Trials set for parents accused of starving child
Parents want him in court, not on video
By Dan Nienaber
ST. PETER — An attorney for a North Mankato couple facing criminal charges for allegedly starving their adopted son said he plans to argue against a prosecutor’s motion to have the child testify by video during the couple’s trials later this year.
A judge issued an order in April that permanently removed the 9-year-old boy from the home of Russell and Mona Hauer, both 45, after a civil trial. Three other children, two of the boy’s younger adopted siblings and the Hauers’ biological child, were allowed to stay with the couple under county supervision. Nicollet County Attorney Michelle Zehnder Fischer has appealed that portion of District Court Judge Todd Westphal’s order. She wants all of the children removed from the home (see related story).
The Hauers are each facing six felony charges accusing them of child neglect, child endangerment and malicious punishment of a child. Both trials are scheduled to last two weeks. Mona Hauer’s trial is scheduled to start Oct. 21 and Russell Hauer’s trial is scheduled to start Nov. 14.
They are accused of nearly starving the boy to death and other abuse, including making him sleep in a plastic snow sled in their basement and having their other children wash the boy outside with a garden hose. The charges were filed, and the civil process for taking away their parental rights, was started last year after Mona Hauer took the boy to the hospital because she thought he was vomiting blood. It turned out he was regurgitating a frozen treat, but tests showed the boy was so malnourished he was no longer able to properly digest food.
About a year prior to that, during the fall of 2011, a Nicollet County deputy found the boy walking along Highway 169 at night, according to the criminal complaints. He told the deputy he was walking to a convenience store because he was hungry and wanted a hamburger. The nearest store was more than three miles away.
Both Hauers are scheduled to be in court Tuesday during a hearing before District Court Judge Allison Krehbiel. Their attorney, Chris Rosengren, will be arguing against Fischer’s motion to have the boy testify by video and another motion to have one of her witnesses, Dr. Lloyd Wells of the Mayo Clinic in Rochester, testify out of order.
The Hauers denied abusing the child during testimony at the parental rights trial. They said he had mental and physical problems because his real mother was using drugs while she was pregnant with him. That is what caused the problems with feeding him and that also made him difficult to discipline, they said. Several people who knew the family from their Mankato church testified on their behalf.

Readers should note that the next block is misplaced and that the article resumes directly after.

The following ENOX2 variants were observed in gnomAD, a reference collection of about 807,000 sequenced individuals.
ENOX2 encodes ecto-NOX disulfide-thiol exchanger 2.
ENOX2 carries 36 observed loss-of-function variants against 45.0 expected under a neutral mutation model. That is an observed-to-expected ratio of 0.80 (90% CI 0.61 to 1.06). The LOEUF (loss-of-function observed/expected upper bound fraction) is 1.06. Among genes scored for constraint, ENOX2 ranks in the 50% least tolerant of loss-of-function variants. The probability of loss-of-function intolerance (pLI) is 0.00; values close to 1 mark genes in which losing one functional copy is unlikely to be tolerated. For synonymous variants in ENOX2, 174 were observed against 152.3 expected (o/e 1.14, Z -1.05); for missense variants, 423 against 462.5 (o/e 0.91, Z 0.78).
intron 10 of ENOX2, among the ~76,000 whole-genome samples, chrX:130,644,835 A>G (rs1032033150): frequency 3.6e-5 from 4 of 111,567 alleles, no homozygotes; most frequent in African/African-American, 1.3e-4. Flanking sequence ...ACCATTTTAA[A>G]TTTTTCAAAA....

Rosengren said he understands that sitting on witness stand and answering probing questions from lawyers can be a difficult situation for a child. It won’t be easy for the Hauers either, but his clients have a right to ask those tough questions to test the accuracy of Fischer’s allegations, he said. Most of the evidence from the parental termination case came from social workers and medical staff. Nothing came directly from the child, Rosengren added.
“Up until now all of those statements have been made someone with the county with an agenda,” Rosengren said. “He’s got to testify and he has to be subject to cross examination.
“I don’t know how we are going to avoid it. (The Hauers) are still adamant that they did the best they could under the circumstances with a boy who was basically a crack baby. That doesn’t amount to criminal neglect.”
Rosengren also said he is going to ask Krehbiel to require Wells, who has a conflicting event to attend during the first part of Mona Hauer’s trial, to testify in the correct order. He said he doesn’t want the jury to be interrupted by Wells’ testimony while Mona Hauer’s case is being presented.
Fischer doesn’t comment about ongoing criminal cases.
Page A6 Nicollet County will appeal a parental rights ruling that leaves three children in the care of Russell and Mona Hayer.